After sunset we came back down and spent some more time at the centro before finally heading back to the AirBnB. That too because the vegan lunch that we had had was not letting us sit and eat/drink in a cafe (damn vegan food! 😬) We picked up some pizza and mezcal on the way back and finished Roma (which we had started in Oaxaca at the recommendation of Fernando and Marianna) before calling it a night.
People of the Land
The next morning we had scheduled a tour with Alex y Raul to Zinacantan and Chamula. This was a culture tour and had come highly recommended by our hostess. We decided to give it a shot in order to understand the culture of the land better. Would definitely be something different from what we were used to. We reached the Zocalo at 9:30 AM and were met by our guide, Cesar. The group was a small one. A four member family from Netherlands and the two of us. We learnt over the course of the tour that they were doing a road-trip across the Yucatan and had come inland as far as Chiapas.
The tour started at Zinacantan, a community of Tsotsil speaking Mayans who had adopted Christ and his ways. We walked around the church first, which seems to form the crux of all towns in Mexico. The town’s main church was under restoration so they had shifted into a temporary one.
There was a wedding going on and Cesar asked us to passively observe it from the side. Everyone here, Cesar explained, wore something like a uniform which was typical to their village. Every community or village in the area had it’s own uniform of sorts so that you could immediately tell where the people were from by simply looking at them. This village had adopted Christianity widely and held on to a few traditions as well. They had their unique justice system headed by three elected judges from the village. The children went out to study and work. The village was liberal in many ways, the community system was strong and everyone devoted a year to community services. The customs of this village reminded me of Khonoma (Nagaland) in many ways.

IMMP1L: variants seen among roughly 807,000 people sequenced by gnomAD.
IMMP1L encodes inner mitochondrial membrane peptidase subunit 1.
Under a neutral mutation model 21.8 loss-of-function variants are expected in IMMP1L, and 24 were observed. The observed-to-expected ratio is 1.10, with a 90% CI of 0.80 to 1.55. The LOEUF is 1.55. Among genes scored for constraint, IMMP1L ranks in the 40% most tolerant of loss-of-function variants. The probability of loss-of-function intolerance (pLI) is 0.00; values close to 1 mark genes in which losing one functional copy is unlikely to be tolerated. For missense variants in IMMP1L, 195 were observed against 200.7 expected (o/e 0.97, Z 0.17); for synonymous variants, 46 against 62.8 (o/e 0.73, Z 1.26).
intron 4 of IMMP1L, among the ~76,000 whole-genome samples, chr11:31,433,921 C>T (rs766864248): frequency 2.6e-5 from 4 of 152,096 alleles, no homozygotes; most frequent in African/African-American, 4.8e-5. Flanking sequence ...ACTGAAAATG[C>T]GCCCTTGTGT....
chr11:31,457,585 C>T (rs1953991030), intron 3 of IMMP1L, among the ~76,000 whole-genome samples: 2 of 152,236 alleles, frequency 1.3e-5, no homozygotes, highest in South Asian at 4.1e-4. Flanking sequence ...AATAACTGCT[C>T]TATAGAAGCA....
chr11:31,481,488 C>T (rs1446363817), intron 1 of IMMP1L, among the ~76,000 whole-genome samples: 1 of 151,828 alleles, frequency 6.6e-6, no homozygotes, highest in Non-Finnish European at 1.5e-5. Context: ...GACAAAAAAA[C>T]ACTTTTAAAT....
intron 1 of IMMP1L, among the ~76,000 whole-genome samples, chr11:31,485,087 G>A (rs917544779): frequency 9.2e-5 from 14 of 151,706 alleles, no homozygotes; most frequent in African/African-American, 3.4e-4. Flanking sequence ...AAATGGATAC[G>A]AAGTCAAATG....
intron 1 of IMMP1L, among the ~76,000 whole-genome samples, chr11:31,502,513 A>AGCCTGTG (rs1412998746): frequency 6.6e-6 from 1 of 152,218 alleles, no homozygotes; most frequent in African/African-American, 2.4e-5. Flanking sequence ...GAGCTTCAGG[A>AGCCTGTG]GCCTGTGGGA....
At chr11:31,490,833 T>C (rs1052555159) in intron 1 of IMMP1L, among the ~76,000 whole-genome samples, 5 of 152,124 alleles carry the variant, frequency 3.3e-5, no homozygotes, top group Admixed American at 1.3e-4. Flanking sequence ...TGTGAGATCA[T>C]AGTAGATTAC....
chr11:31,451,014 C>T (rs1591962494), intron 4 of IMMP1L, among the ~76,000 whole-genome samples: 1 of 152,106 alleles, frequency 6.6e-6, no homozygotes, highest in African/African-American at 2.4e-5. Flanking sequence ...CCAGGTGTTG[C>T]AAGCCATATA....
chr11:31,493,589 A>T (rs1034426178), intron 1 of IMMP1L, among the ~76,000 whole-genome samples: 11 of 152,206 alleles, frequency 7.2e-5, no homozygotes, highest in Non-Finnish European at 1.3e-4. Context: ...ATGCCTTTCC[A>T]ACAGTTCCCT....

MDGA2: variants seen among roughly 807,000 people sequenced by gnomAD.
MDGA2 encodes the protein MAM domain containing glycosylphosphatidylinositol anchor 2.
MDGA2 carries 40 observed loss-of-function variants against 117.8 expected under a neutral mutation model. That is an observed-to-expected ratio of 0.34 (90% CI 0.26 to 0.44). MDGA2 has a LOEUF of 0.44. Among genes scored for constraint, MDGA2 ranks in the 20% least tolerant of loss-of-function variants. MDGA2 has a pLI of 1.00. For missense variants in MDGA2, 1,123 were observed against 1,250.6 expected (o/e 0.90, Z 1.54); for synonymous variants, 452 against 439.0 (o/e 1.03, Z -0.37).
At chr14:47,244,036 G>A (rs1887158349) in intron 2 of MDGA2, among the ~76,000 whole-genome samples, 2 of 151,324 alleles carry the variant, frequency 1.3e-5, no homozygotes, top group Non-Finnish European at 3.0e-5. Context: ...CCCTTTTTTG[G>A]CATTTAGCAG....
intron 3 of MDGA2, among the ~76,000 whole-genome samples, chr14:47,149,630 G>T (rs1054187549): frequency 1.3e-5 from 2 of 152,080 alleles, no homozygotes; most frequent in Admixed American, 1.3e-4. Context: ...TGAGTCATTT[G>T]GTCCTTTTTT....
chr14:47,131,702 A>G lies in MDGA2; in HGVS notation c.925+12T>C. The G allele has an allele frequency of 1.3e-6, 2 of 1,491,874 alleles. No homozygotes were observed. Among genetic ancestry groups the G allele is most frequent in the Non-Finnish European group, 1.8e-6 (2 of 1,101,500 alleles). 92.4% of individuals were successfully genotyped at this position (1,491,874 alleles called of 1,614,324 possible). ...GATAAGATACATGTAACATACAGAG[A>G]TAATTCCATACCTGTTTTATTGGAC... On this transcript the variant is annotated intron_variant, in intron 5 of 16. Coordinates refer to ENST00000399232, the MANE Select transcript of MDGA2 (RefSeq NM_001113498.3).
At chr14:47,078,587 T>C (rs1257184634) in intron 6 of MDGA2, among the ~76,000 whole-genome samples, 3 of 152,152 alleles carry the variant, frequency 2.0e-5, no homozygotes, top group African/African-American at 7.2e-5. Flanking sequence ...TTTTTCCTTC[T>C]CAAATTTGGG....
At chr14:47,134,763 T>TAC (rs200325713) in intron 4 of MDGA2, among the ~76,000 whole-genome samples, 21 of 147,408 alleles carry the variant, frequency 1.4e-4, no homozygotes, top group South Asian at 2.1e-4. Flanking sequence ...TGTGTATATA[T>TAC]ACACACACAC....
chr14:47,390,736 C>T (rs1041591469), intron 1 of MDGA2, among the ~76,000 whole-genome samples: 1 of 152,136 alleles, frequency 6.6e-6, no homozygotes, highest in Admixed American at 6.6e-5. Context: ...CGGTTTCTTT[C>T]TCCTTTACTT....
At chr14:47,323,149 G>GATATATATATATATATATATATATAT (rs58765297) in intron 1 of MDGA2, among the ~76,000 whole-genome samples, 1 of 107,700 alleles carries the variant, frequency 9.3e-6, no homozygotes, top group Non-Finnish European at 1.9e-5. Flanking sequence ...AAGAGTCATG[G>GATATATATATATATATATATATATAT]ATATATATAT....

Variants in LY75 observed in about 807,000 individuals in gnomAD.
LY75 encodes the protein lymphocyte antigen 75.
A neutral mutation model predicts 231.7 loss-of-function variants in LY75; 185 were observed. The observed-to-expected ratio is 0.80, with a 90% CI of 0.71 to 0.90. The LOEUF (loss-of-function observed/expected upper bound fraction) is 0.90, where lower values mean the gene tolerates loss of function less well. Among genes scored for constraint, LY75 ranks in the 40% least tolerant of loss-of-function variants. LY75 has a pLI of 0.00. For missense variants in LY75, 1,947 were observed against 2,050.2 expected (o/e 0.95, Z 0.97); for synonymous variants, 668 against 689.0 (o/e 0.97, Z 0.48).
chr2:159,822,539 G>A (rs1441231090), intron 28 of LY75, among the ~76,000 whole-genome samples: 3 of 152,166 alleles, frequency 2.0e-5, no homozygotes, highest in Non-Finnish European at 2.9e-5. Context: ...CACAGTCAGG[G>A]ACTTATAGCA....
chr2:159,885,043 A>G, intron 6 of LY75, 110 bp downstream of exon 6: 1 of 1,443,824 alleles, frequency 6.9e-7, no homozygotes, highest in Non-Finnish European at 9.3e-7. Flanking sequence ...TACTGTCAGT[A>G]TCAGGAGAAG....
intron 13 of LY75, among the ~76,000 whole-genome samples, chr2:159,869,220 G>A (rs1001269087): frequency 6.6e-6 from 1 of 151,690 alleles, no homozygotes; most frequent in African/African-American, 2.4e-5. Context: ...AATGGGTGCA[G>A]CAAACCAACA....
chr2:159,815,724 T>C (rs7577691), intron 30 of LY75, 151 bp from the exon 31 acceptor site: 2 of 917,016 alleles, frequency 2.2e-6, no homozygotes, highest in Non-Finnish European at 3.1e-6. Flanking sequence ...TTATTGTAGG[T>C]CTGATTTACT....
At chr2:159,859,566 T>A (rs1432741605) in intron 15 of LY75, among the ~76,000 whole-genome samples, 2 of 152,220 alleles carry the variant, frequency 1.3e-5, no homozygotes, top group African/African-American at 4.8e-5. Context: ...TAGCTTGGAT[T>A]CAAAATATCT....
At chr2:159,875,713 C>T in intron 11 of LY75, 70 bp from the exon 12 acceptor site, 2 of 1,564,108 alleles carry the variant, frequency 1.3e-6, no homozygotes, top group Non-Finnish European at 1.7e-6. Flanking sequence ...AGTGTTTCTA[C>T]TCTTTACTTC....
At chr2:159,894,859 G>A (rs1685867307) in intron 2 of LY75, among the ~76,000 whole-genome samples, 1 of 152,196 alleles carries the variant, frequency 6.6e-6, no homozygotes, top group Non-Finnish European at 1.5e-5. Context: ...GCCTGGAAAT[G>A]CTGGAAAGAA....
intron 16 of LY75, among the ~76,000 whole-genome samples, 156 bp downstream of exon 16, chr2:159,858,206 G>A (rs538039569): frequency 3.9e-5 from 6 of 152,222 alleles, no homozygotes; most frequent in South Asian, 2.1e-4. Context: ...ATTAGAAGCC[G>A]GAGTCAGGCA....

We went to visit a family of weavers next. Every village had it’s own typical designs and the women of the family weaved various articles using traditional techniques which made the production slow and laborious. Opening the house to tours was a way for them to gain supplementary income. Everyone was comfortable with cameras and getting clicked except for the eldest granny who was around 90 years old and not very fond of the camera 👵
They also fed us tortillas with a pumpkin seed powder that was utterly delicious!
Parul bought a tote bag from the weavers on our way out. We headed to the van which ferried us to our next destination. Chamula was a different part of the land and, as was to be expected, the clothes of the people here changed to reflect the change in location. The town was much bigger than Zinacantan. The people here also spoke Tsotsil but were much more conservative about their traditions than the people of Zinacantan. Cesar explained the various differences as we walked in front of the massive church and then took us inside, warning that the people here did not appreciate the camera so we had better put it away. It was an extremely surreal experience to walk in that church. The people had adopted the Christian God and saints but modified them to fit into their traditional belief. Candles burnt everywhere in the church and hay lined the floors. People sat chanting and shamans carried out rituals to heal the sick. The Vatican had tried interfering a few times to establish it’s version of Christianity but the locals had violently repelled it away.